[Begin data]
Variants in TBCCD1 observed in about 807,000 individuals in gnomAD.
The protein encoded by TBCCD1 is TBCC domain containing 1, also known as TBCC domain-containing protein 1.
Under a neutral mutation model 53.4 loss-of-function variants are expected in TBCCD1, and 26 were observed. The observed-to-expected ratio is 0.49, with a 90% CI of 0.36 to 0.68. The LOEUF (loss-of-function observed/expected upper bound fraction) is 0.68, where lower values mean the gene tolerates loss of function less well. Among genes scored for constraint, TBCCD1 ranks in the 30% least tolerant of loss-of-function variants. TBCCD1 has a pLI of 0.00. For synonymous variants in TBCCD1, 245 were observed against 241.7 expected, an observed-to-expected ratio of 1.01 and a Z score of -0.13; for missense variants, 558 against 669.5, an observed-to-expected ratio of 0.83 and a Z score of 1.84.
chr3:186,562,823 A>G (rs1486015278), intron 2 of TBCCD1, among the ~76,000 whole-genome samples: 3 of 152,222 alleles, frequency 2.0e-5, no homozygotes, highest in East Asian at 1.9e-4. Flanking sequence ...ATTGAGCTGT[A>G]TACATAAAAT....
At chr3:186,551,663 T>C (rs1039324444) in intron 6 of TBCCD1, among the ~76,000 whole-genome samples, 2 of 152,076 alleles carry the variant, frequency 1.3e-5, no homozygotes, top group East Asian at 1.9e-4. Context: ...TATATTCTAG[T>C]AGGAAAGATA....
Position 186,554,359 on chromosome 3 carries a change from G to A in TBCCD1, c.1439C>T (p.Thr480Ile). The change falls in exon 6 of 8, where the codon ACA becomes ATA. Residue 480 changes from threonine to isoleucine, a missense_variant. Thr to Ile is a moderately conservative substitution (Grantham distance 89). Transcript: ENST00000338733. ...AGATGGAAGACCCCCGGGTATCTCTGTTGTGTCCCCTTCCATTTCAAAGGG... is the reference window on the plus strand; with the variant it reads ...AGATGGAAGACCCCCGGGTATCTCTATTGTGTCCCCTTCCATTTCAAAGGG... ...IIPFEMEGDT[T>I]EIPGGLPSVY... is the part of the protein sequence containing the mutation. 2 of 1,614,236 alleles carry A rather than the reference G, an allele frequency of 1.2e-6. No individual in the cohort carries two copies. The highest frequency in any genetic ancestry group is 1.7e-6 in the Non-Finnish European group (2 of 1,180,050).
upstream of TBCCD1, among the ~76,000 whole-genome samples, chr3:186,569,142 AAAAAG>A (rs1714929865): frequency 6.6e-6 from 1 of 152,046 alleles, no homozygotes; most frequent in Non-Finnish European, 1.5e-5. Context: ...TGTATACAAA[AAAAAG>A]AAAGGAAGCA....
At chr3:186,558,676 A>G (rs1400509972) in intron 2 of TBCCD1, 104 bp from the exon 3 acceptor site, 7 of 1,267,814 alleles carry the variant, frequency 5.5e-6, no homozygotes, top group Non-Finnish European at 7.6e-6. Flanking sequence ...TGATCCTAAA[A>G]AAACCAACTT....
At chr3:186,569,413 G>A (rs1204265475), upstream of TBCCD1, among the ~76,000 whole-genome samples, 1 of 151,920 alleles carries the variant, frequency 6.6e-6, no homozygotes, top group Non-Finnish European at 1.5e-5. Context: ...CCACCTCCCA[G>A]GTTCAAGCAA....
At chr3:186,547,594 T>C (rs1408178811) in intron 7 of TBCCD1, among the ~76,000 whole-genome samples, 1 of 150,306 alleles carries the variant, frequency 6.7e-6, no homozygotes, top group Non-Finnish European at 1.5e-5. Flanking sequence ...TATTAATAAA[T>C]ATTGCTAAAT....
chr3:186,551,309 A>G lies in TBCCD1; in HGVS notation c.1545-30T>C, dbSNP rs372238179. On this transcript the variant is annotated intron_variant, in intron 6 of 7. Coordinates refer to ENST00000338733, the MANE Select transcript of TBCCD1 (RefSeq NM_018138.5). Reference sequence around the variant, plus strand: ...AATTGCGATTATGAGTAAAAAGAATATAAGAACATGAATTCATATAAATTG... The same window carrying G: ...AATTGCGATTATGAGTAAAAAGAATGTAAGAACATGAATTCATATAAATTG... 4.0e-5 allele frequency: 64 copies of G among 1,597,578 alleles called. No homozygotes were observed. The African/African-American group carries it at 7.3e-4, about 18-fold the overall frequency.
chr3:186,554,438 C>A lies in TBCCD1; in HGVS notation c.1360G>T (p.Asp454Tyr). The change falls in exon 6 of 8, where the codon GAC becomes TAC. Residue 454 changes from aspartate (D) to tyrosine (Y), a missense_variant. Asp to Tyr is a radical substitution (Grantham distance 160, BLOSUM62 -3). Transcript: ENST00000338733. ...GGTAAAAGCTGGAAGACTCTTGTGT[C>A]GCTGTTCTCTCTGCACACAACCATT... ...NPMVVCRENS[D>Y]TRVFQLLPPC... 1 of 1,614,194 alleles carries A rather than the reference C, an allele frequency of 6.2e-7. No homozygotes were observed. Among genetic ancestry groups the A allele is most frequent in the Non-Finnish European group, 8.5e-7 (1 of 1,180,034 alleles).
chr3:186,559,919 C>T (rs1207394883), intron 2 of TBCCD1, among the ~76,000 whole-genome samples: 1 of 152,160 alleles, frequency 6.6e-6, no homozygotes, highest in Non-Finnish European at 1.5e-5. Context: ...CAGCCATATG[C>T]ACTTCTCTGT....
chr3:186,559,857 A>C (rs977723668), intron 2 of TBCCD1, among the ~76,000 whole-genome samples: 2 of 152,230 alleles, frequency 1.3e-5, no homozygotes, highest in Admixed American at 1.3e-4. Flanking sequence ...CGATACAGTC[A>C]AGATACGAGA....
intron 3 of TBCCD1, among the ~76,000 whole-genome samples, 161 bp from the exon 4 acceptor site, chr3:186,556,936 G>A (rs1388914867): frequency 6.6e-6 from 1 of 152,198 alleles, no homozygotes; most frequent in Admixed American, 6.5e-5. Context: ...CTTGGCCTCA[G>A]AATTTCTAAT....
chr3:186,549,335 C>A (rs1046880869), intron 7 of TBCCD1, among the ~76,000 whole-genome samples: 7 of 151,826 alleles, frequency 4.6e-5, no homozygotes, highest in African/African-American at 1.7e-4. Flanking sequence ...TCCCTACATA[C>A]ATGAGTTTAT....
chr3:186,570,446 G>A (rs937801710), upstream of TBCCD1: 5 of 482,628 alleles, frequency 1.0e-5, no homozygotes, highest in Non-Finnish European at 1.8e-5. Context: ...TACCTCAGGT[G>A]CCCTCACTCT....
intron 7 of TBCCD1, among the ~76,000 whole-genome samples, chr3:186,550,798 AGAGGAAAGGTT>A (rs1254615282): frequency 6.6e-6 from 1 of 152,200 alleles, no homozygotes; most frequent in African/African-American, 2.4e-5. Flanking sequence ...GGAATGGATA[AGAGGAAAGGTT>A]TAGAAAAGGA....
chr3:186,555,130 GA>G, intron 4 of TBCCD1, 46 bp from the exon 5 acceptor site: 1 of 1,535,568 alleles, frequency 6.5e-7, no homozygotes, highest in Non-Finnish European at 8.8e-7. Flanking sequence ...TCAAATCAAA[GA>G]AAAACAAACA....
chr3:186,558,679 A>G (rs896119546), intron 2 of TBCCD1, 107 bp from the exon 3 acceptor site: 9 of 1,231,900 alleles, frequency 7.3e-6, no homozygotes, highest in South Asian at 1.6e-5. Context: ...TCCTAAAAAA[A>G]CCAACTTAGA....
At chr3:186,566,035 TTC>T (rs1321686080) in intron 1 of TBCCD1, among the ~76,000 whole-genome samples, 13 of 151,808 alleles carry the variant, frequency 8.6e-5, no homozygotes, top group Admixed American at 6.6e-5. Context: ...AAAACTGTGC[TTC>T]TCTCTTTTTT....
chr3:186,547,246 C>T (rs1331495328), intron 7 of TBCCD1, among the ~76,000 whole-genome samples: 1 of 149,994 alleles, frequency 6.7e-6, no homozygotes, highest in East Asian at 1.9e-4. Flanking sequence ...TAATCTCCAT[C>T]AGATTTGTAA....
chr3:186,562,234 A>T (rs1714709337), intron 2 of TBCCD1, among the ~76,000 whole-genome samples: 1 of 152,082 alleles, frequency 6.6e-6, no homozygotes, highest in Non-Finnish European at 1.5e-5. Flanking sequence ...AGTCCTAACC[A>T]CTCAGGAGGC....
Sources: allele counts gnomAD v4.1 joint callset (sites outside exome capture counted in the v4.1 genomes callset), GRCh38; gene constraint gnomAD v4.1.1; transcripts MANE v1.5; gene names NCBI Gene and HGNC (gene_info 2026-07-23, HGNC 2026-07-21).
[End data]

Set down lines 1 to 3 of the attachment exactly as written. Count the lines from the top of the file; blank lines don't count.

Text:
Variants in TBCCD1 observed in about 807,000 individuals in gnomAD.
The protein encoded by TBCCD1 is TBCC domain containing 1, also known as TBCC domain-containing protein 1.
Under a neutral mutation model 53.4 loss-of-function variants are expected in TBCCD1, and 26 were observed. The observed-to-expected ratio is 0.49, with a 90% CI of 0.36 to 0.68. The LOEUF (loss-of-function observed/expected upper bound fraction) is 0.68, where lower values mean the gene tolerates loss of function less well. Among genes scored for constraint, TBCCD1 ranks in the 30% least tolerant of loss-of-function variants. TBCCD1 has a pLI of 0.00. For synonymous variants in TBCCD1, 245 were observed against 241.7 expected, an observed-to-expected ratio of 1.01 and a Z score of -0.13; for missense variants, 558 against 669.5, an observed-to-expected ratio of 0.83 and a Z score of 1.84.